Good Government

Our goal: Support local government.

SPUR's good government agenda:

• Put safety first.
• Invest in infrastructure.
• Support a strong civil service system.
• Get better at contracting.
• Experiment with labor-management partnerships and demonstration projects.
• Deliver services at the neighborhood scale.
• Make public data easier to access.

Read more from SPUR’s Agenda for Change
  • The SPUR Voter Guide

    The SPUR Voter Guide is the best resource for San Franciscans who want to understand the issues they will face in the voting booth. We focus on outcomes, not ideology, providing objective analysis on which measures will deliver real solutions.

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  • Good Government Awards

    The Good Government Awards honor outstanding managers working for the City and County of San Francisco, recognizing them for their leadership, vision and ability to make a difference in city government and in the community.

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  • SPUR Report

    A Big Fix for Capital Planning

    San Francisco’s aging public facilities harm the economy, limit they city’s ability to function and endanger public safety. SPUR proposes policy reforms for a more effective capital planning and maintenance process.

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  • SPUR Report

    Reforming Civil Service

    San Francisco’s employees and managers work within a system that often fails to take full advantage of their abilities or reward their contributions. The city can strengthen delivery of public services by restructuring practices for hiring, promotion, motivation and training.

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  • SPUR Report

    Fixing San Francisco’s Contracting Process

    San Francisco's ontracting process is often time-consuming, inefficient and unpredictable. How can the city minimize waste and inefficiency while maintaining strong safeguards against favoritism and corruption?

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  • SPUR Report

    Setting Aside Differences

    Ballot measures that dedicate city revenues to specific purposes have become increasingly common in San Francisco. But these “set asides” can damage the democratic system and lock in choices long after they continue to make sense. Here's how to improve these measures by evaluating them before they become law.

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  • The Urbanist

    Taxing Waste, Not Work

    Environmental tax reform decreases taxes on labor or income while increasing taxes on waste and pollution. For San Francisco, a shift away from the payroll tax toward taxes on energy, solid waste or transportation could increase economic activity while reducing environmental harm.

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  • Find more of SPUR's good government research

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Updates and Events

A Sea Change in California Politics?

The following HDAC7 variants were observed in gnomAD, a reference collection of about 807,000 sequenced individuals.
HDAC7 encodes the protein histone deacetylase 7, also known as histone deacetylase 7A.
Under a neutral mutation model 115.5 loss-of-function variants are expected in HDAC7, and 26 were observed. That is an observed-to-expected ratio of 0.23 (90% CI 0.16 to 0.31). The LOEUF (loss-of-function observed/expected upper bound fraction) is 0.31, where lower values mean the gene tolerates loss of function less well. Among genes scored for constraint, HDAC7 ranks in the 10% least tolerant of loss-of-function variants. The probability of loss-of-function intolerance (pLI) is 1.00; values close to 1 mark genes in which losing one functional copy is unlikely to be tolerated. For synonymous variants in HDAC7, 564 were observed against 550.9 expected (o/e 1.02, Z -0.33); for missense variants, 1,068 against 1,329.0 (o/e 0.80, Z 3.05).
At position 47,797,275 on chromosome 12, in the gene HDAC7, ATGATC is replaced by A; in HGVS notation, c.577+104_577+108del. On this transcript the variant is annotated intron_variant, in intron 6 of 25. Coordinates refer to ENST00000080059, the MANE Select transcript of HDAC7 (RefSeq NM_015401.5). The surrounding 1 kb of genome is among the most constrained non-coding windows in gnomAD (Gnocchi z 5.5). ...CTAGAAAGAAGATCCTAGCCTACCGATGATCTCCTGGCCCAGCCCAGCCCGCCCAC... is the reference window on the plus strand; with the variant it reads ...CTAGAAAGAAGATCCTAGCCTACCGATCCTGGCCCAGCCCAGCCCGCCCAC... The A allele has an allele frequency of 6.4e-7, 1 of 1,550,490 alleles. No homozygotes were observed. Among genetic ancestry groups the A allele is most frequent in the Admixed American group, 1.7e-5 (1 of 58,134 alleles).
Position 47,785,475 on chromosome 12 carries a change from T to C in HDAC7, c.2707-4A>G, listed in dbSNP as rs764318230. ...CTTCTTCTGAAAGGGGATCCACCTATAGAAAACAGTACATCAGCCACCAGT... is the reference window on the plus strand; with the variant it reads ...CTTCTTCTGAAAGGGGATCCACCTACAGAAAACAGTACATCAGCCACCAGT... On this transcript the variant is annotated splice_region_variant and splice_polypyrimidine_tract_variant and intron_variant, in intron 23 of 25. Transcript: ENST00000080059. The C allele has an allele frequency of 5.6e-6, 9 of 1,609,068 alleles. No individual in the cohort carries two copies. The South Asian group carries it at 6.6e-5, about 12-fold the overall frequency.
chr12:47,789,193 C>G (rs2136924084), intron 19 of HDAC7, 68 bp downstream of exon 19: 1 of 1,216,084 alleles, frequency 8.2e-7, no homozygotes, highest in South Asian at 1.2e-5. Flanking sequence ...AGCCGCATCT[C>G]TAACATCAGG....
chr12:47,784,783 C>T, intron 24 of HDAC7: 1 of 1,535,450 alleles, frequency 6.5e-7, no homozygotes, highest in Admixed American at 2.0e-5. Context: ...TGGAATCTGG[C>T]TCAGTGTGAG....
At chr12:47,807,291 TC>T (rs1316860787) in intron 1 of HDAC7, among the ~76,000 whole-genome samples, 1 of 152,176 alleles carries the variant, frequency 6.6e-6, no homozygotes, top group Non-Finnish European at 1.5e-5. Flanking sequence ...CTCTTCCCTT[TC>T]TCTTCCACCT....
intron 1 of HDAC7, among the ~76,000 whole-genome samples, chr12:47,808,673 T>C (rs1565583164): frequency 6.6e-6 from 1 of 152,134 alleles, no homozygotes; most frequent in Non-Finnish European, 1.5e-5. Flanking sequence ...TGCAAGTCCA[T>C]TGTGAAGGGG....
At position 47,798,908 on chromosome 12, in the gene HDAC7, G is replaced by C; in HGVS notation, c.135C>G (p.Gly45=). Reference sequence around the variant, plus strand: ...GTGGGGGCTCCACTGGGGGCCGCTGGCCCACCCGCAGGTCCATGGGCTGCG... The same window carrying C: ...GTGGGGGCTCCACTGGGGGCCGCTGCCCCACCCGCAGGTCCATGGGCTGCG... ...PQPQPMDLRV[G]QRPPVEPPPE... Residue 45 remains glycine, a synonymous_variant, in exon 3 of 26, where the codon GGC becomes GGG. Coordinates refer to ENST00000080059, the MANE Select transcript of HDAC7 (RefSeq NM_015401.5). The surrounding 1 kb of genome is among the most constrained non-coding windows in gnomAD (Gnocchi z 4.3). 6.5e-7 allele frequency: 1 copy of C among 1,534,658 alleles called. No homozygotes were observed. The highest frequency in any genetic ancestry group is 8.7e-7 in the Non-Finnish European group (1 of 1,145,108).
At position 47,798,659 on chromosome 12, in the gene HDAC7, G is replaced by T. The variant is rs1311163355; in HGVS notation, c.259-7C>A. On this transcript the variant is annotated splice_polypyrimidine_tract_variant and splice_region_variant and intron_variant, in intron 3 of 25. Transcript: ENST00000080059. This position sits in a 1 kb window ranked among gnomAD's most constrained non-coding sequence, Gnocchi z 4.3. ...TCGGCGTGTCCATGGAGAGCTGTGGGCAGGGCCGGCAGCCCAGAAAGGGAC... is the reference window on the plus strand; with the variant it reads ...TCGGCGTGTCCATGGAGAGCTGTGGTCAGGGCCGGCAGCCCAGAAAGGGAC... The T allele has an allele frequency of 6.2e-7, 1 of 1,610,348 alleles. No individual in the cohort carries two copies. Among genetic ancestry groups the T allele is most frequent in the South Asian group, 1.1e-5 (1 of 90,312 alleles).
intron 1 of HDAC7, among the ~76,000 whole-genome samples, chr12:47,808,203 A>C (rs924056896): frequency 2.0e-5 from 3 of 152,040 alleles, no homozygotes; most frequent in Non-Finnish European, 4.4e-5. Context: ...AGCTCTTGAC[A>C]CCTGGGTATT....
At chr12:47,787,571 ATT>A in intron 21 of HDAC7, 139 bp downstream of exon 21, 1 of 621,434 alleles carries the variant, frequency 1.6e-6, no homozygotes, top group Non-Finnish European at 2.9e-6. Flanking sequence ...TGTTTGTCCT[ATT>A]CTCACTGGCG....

Urbanist Article January 9, 2013
The year 2012 saw a record 18.2 million voters registered in California, the debut of online voter registration, new district lines thanks to the Citizens Redistricting Commission and top-two primaries where the two candidates with the most votes in any election for state office ran against each other in the general election, regardless of party affiliation.

SPUR Ballot Endorsements Sweep Election 2012

News November 19, 2012
While the majority of voters were lost in a sea of presidential fervor, San Francisco was busy having a historic local election. On the ballot were a number of important issues — from education to parks, housing to taxation. Here’s how the verdicts came down on four important measures.

Why Does Civic Data Matter?

Urbanist Article October 10, 2012
A new emphasis is being placed on the availability of open data from governments, but what use does this data have for citizens’ daily experience? Open data has the potential to spur economic development, engage citizens, reduce government costs and improve its services. But we’re not there yet.

November 2012 Voter Guide

Voter Guide October 1, 2012
It doesn't happen every election, but this November some of SPUR's top priorities appear on the ballot. See how we weighed in on: the Gross Receipts Tax, the Housing Trust Fund, the Parks Bond and four more city measures.

The Time Is Now for Business Tax Reform

News September 28, 2012
San Francisco’s technology sector is booming once again, the real estate market appears to be in full recovery mode and office vacancies are at record lows. The city’s economy is quick to catch fire, but it’s also prone to downturns. This has benefited the city’s coffers and the public services they support, but it forces difficult decisions when fortunes turn for the worse. These boom and bust cycles have exposed the importance of consistent sources of revenue for the city. Repeated economic fluctuations — as well as the recent recession — have shown the inherent volatility of the city’s business tax. A flat 1.5 percent tax on all payroll expenses above $250,000, the business tax is the city’s second largest source of revenue for the general fund (it brings in approximately $410 million per year), behind only the city’s property tax. But the payroll tax has fluctuated dramatically from year...

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